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Q Rev Biophys. 2005 Nov;38(4):303-9. Epub 2006 Mar 6.

Nucleic acid structure and intracellular immunity: some recent ideas from the world of RNAi.

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Department of Pathology, Stanford University School of Medicine, Stanford, CA 94305-5324, USA.


Cells face a constant struggle against unwanted instructions that arrive in the form of viruses and transposons. At the core of this battle are two issues: how can cellular machinery recognize certain informational molecules as 'unwanted' and how can the cell use this recognition to effectively silence malicious genetic activity. While defenses against some specific parasites may be triggered by individual nucleic acid or protein sequences, such sequence-specific mechanisms have the limitation of allowing the parasite to evade following relatively minor evolutionary change. A more general set of defense mechanisms is based on recognition of structural features that are intrinsic aspects of one or more parasitic lifestyle. Recognition of extended regions of double-stranded RNA (dsRNA) provides cells with one such defensive modality. Essentially absent during 'normal' gene expression, long stretches of dsRNA within a cell serve as a dramatic warning that a segment of information may be replicating as RNA. In addition to exemplifying many of the mechanistic issues in genome defense, the cellular response to dsRNA provides several examples of the logic by which organisms attempt to focus their limited immunity resources on the most immediate and dangerous targets.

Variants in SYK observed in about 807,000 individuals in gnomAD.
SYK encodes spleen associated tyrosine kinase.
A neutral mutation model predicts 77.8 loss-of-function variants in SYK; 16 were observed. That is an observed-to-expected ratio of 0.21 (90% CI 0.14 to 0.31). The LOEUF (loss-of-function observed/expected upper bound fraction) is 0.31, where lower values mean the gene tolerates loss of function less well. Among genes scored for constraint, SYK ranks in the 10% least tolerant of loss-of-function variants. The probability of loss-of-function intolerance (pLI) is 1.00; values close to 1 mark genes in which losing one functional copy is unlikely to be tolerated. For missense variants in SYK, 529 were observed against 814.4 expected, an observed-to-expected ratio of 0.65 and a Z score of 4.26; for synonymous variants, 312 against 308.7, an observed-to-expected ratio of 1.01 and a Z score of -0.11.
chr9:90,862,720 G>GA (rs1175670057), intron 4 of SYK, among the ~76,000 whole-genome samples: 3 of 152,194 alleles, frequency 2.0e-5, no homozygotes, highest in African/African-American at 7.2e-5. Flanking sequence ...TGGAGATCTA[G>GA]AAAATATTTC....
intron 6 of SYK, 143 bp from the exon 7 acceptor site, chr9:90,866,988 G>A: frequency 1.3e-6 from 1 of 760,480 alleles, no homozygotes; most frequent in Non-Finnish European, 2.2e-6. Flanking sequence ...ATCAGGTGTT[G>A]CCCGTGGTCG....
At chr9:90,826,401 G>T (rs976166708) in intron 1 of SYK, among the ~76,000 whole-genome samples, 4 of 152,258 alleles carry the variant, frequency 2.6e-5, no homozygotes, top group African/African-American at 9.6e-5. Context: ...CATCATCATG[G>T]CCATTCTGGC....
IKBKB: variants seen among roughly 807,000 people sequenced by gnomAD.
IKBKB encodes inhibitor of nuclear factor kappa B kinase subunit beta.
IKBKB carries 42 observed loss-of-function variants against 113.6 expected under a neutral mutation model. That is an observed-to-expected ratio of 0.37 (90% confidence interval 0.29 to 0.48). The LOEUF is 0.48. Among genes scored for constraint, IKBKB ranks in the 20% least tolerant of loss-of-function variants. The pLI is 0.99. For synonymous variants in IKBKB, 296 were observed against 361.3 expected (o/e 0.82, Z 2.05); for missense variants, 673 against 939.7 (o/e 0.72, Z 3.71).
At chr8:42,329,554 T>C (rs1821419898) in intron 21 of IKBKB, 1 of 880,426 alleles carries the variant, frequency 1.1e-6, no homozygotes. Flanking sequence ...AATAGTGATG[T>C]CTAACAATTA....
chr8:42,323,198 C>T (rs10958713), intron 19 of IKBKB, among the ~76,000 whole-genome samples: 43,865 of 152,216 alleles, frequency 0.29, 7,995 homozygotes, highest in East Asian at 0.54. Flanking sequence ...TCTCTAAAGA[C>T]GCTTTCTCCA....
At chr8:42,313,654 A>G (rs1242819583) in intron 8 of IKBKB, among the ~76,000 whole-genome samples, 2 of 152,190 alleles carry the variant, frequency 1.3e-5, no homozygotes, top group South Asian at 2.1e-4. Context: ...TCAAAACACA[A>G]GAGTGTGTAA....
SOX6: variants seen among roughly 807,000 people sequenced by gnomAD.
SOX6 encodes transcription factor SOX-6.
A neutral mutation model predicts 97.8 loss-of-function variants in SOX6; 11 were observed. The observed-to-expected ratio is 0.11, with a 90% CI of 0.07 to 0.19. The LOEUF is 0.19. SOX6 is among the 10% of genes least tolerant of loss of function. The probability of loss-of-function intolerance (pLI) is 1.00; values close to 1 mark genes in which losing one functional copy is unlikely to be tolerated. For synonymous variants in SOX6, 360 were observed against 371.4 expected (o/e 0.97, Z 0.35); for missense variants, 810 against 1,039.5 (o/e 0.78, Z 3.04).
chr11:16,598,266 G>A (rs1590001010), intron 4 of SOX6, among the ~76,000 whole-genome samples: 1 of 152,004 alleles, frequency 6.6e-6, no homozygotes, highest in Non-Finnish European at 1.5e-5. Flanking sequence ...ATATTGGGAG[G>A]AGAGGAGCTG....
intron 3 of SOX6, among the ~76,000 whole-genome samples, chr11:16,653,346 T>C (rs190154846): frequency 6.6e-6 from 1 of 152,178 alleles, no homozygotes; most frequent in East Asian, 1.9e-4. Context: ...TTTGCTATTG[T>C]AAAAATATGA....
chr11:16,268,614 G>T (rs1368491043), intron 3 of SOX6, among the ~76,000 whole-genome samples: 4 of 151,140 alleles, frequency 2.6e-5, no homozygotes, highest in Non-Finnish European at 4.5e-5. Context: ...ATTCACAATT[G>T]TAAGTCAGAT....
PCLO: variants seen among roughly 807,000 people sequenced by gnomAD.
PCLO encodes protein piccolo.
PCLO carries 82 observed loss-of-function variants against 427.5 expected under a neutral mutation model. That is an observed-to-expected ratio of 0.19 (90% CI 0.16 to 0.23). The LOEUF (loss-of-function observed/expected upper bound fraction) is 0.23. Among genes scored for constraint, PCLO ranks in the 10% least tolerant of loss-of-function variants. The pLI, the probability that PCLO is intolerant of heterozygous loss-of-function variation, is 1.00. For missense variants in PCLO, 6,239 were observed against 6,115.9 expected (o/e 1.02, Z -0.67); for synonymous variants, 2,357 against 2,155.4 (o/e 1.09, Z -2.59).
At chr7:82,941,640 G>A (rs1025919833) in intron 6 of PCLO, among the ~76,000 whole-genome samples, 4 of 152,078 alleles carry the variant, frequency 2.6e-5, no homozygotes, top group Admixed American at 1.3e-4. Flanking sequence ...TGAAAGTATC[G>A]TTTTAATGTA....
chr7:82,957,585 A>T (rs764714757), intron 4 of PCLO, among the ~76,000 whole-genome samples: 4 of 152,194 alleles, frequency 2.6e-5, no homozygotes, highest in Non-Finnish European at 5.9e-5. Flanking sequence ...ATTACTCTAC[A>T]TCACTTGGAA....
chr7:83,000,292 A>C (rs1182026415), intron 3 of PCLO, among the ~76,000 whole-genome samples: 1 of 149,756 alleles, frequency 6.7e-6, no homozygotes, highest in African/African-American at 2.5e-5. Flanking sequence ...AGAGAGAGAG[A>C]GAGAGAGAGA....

[Indexed for MEDLINE]

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